St Mary le Strand
• St. Mary le Strand lies within the Deanery of Westminster (St Margaret) within the Diocese of London. The church stands on what is now a traffic island to the north of Somerset House, King's College London's Strand campus building and The Temple, and south of Bush House.
• It is the official church of the Women's Royal Naval Service, and has a book of remembrance for members who have died in service.
• It is known as one of the two 'Island Churches', the other being St. Clement Danes.
• The church is the second to have been called St. Mary le Strand, the first having been situated a short distance to the south. The date of its foundation is unclear but it was mentioned in a judgment of 1222, when it was called the Church of the Innocents, or St Mary and the Innocents. It was pulled down in 1549 by Edward Seymour, 1st Duke of Somerset to make way for Somerset House. The parishioners were promised a new church, which was never built, forcing them to move to the nearby church of St. Clement Danes and afterwards to the Savoy Chapel. The site on which the church now stands was formerly occupied by a great maypole which had been the scene of May Day festivities in the 16th and 17th century but was severely decayed by the early 18th century.
• The new St. Mary le Strand was the first of the fifty new churches built in London under the Commission for Building Fifty New Churches. Construction began in February 1714 under the architect James Gibbs, being his first major project following his return from Italy. The steeple was completed in September 1717, but the church was not consecrated for use until 1 January 1723.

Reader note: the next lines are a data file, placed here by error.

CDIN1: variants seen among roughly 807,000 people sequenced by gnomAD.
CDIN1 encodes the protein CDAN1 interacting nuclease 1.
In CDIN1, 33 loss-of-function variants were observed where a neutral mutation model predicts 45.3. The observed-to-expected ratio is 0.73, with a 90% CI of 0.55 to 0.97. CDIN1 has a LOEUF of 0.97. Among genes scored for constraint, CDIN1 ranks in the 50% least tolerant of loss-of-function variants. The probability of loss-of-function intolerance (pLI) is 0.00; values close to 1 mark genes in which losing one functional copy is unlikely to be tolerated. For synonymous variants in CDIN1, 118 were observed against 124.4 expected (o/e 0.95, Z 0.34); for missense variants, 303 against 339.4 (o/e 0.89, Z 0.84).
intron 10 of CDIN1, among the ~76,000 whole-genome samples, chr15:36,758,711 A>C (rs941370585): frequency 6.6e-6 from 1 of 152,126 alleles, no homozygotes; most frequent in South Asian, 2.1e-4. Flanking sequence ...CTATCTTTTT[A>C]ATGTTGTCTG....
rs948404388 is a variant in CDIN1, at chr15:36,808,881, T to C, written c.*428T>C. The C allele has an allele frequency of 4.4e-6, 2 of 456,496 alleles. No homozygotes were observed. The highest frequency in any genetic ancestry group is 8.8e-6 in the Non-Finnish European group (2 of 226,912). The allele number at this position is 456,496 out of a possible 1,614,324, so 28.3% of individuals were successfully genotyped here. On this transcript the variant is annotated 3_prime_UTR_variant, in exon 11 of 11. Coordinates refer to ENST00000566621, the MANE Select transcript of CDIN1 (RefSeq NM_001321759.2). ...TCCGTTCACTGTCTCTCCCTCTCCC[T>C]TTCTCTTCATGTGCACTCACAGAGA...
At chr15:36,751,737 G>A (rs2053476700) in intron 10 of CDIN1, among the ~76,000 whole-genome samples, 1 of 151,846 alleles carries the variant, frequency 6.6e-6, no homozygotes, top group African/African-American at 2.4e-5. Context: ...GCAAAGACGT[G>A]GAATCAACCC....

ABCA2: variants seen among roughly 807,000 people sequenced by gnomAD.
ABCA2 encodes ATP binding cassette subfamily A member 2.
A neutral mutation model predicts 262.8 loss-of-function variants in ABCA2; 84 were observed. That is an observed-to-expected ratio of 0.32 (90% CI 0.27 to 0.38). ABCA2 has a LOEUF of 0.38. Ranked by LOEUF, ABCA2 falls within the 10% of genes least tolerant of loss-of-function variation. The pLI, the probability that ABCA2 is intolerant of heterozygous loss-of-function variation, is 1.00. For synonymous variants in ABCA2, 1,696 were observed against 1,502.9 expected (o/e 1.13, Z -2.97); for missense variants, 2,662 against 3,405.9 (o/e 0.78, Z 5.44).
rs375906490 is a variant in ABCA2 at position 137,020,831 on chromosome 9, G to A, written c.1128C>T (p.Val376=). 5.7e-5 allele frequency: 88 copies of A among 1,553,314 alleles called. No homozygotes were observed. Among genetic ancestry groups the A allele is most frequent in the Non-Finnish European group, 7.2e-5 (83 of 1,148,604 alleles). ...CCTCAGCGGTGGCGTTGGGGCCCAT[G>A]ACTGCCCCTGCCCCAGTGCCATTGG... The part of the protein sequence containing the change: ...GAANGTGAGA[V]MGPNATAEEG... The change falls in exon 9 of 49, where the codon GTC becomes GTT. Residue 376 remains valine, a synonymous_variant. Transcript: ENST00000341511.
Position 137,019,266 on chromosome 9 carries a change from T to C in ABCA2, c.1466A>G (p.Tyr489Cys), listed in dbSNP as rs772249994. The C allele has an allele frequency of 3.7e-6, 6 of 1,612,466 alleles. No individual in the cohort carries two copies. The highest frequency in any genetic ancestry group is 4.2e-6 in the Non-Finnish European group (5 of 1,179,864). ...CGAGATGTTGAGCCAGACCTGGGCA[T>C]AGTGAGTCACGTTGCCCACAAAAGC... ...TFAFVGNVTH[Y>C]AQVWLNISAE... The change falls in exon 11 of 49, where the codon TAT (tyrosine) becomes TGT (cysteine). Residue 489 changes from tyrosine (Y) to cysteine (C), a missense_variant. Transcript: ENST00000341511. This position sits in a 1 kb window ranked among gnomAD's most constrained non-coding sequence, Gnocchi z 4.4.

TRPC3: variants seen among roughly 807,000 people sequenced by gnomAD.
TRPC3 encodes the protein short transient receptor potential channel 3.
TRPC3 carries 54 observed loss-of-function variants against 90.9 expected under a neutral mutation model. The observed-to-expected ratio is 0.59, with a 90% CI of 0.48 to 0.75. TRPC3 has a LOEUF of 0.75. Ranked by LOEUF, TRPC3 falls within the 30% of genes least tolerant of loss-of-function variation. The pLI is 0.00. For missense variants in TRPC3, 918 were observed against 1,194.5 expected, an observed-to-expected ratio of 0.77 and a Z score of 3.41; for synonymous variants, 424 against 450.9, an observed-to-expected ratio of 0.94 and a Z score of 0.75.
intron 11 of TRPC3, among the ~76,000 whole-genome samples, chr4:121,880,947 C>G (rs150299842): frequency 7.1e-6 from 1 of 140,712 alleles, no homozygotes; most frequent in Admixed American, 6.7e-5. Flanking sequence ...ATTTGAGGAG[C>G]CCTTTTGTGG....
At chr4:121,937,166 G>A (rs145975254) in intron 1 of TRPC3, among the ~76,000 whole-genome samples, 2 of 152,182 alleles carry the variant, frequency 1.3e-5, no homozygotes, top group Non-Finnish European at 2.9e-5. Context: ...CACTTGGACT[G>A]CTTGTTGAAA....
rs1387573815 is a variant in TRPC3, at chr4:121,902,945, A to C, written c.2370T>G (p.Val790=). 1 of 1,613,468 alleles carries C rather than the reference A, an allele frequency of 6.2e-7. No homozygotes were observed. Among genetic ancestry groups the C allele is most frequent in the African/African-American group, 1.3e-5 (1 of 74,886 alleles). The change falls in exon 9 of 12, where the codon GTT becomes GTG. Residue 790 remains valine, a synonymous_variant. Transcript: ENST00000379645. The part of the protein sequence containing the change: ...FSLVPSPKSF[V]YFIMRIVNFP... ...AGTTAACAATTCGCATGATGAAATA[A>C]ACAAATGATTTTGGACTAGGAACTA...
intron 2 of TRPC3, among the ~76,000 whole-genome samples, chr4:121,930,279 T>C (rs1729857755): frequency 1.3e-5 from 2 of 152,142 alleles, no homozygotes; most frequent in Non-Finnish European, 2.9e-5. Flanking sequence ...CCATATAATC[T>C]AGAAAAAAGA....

• Bonnie Prince Charlie is alleged to have renounced his Roman Catholic faith in the church to become an Anglican during a secret visit to London in 1750. John Dickens and Elizabeth Barrow, the parents of Charles Dickens, were married here in 1809.
• The church narrowly escaped destruction twice during the 20th century. At the start of the century the London County Council proposed to demolish the church to widen the Strand; a campaign succeeded in averting this, although the graveyard was obliterated and the graves moved to Brookwood Cemetery. The Blitz of the Second World War caused much damage to the surrounding area but again the church avoided destruction, though it did suffer damage from a nearby bomb explosion.
• The architecture of St. Mary le Strand proved controversial from the outset and the architect later expressed unhappiness at the way that his plans had been altered by the Commissioners. According to Gibbs, the church was originally intended to be an Italianate structure with a small campanile over the west end and no steeple. Instead of the latter, a column 250 feet (76 m) high surmounted with a statue of Queen Anne was to have been erected a short distance to the west of the church. A great quantity of stone was purchased and brought to the spot, but the plan was abandoned on the death of the queen in 1714. Instead, the architect was ordered to reuse the stone to build a steeple, which fundamentally altered the plan of the church. The extravagant Baroque ornamentation of the exterior was criticised at the time, and matters were not helped when one of the decorative urns surmounting the exterior of the church fell off and killed a passer-by during a procession in 1802.
• The prominent situation of the church has also been problematic; even in the 18th century, parishioners complained of the traffic noise.